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Steven Bisig-USA TODAY Sports

The NFL, America's most innovative think tank, is considering a rule change which would move extra point attempts from the two yard line to the 25. The (supposed) logic behind this move would be as follows:

- Extra points are too easy and therefore boring under the current rules
- Wouldn't it be more fun if more games were fundamentally altered by the kicker
- Also please ignore that a 40 yard field goal would still be worth three times as many points
- Shit this is gonna get so many kickers stabbed

It's a lazy solution to a problem that is likely exaggerated, if not made up entirely. (Ask San Diego State how much fun and excitement the six extra points they missed last year added.) That means it's up to college football to take the lead and show the NFL a better solution, which the NFL can wait five years to adopt and then pretend like it was their idea all along.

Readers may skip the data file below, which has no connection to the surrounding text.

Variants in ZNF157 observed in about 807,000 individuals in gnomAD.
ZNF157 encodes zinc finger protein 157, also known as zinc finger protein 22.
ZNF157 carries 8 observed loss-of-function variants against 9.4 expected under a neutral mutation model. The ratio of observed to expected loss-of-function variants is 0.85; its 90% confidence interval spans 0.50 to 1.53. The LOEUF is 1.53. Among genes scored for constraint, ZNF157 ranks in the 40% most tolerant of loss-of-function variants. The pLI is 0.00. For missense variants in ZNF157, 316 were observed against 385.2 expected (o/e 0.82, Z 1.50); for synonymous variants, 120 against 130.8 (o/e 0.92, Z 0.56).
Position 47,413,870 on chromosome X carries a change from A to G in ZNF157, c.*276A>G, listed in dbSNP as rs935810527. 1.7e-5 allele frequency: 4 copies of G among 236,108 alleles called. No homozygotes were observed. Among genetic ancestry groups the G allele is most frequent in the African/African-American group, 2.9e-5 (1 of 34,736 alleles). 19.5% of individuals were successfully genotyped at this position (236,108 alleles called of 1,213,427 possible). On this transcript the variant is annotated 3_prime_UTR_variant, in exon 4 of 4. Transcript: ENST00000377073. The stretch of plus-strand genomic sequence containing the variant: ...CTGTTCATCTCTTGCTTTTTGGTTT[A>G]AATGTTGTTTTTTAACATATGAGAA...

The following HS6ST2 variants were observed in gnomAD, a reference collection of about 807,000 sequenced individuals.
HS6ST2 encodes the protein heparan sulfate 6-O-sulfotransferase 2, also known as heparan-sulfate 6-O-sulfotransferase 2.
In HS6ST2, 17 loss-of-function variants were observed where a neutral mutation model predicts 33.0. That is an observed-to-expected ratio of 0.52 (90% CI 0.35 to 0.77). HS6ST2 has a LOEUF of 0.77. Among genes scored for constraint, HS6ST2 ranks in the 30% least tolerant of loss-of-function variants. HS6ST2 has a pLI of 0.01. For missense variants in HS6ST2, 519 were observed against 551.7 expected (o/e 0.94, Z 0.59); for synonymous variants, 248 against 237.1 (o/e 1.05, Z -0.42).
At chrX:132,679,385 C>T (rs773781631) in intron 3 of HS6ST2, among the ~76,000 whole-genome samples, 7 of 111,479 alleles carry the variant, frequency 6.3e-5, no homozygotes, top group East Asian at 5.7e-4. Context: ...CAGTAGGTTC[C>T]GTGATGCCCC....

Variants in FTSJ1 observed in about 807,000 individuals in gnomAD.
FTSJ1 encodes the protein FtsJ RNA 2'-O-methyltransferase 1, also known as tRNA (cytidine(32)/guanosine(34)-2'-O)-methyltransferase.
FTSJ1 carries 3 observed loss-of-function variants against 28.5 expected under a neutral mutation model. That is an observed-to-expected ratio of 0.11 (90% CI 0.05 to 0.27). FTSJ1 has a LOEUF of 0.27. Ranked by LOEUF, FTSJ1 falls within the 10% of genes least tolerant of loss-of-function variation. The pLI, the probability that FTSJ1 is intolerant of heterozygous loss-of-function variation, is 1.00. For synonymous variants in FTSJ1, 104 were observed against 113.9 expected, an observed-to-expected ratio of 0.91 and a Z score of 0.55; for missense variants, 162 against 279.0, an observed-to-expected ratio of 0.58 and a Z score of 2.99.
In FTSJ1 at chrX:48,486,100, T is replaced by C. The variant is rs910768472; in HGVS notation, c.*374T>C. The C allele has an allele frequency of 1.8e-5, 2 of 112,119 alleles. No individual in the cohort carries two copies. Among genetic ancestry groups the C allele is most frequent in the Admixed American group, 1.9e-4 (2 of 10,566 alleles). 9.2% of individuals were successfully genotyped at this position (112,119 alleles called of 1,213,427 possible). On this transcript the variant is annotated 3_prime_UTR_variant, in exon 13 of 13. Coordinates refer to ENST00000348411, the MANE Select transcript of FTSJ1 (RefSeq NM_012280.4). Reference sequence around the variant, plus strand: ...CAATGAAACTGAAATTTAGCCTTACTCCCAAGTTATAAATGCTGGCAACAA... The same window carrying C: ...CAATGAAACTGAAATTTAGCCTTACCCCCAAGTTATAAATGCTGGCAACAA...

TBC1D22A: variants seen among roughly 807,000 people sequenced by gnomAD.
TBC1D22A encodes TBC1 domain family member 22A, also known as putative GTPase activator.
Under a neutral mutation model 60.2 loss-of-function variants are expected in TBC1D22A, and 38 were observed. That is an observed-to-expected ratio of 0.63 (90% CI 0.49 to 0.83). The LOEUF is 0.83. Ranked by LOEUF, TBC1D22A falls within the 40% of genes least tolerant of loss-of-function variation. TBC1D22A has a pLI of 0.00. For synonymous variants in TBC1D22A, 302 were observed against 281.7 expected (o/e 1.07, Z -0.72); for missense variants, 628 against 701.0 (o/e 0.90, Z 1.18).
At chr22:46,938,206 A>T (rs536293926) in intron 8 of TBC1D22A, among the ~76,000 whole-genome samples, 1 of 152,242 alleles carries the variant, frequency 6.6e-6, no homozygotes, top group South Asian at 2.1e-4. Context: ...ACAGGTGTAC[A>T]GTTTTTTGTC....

We have that solution, which we've dubbed "The Doink-A-Point."

1. Extra points can be attempted from any distance on the field. This is purely a matter of kicker preference and comfort; if you want to set up to kick from the 14 yard line, go right ahead. You'll see why that comes into play in the next rule.

2. An extra point is only awarded if you hit the crossbar or the uprights. That's right. It's a sniper's game now. No more kicking through an area the size of a U-Haul. Precision is all that matters. The kick need not be a direct hit, however; if it glances off, even on the outside of the uprights or the underside of the crossbar, it counts. Finally, a useful purpose for instant replay!

3. The kicking team gets one point for each time the ball hits a portion of the crossbar or uprights. And here is the madness. If you can manage to get the triple-doink, you've just scored three points. There is no upper limit to this rule, because we want to see the day when Florida State loses to Miami on an extra point that bounces around the corner of the goalpost six times. And in the unlikely event you manage to kick the ball such that it's wedged in the joint where the crossbar and upright meet?

Automatic victory.